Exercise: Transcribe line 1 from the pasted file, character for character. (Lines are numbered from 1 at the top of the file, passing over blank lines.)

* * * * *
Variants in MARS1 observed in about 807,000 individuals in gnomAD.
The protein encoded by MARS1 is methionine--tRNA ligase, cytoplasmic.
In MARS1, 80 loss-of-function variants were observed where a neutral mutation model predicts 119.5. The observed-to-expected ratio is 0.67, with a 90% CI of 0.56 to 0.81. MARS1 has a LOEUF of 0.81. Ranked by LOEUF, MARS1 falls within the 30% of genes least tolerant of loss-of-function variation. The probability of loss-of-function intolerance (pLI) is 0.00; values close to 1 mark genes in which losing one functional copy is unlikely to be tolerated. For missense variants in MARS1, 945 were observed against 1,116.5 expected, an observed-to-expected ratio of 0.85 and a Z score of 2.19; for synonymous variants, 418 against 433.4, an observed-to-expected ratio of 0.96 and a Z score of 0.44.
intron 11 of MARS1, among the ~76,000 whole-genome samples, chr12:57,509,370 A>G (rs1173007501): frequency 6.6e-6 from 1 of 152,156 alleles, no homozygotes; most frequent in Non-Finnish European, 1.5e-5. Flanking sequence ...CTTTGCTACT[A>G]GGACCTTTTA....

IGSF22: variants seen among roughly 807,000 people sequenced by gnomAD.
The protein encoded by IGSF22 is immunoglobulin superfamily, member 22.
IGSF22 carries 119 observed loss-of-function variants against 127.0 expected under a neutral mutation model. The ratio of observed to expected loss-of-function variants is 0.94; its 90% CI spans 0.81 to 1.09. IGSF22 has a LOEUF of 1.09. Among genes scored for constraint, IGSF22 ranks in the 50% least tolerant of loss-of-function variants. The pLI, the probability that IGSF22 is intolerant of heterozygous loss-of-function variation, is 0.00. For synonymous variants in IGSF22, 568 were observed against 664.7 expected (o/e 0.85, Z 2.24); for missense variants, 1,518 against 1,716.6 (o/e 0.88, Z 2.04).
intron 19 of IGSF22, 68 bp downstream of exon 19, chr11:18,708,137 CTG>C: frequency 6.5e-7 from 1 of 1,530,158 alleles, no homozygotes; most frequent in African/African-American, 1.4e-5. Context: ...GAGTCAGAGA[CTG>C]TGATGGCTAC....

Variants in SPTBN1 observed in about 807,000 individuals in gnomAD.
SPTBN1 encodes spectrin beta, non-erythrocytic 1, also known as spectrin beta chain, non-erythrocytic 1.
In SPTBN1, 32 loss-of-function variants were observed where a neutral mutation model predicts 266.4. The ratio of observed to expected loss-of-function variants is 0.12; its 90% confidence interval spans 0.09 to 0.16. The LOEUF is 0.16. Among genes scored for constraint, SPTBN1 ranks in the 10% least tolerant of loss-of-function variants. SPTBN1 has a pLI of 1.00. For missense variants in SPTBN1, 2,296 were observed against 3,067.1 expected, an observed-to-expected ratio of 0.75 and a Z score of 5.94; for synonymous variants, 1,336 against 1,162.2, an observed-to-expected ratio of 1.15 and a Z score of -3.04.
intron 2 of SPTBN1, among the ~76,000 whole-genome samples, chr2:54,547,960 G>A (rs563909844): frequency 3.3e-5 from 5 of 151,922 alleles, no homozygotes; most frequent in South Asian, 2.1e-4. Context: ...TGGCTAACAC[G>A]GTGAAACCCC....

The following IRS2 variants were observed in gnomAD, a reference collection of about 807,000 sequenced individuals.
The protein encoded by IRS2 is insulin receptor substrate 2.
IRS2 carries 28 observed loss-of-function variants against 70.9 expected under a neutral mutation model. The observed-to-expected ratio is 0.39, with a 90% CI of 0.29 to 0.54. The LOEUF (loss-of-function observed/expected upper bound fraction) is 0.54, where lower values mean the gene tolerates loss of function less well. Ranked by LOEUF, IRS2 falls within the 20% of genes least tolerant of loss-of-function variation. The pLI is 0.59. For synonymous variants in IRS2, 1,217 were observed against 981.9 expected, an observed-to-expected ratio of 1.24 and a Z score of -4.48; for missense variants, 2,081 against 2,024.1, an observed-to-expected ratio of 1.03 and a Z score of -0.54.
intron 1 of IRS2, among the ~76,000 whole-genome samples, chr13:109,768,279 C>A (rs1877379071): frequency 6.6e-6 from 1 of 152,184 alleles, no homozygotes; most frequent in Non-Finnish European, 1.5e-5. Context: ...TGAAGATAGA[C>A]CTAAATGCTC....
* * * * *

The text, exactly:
Variants in MARS1 observed in about 807,000 individuals in gnomAD.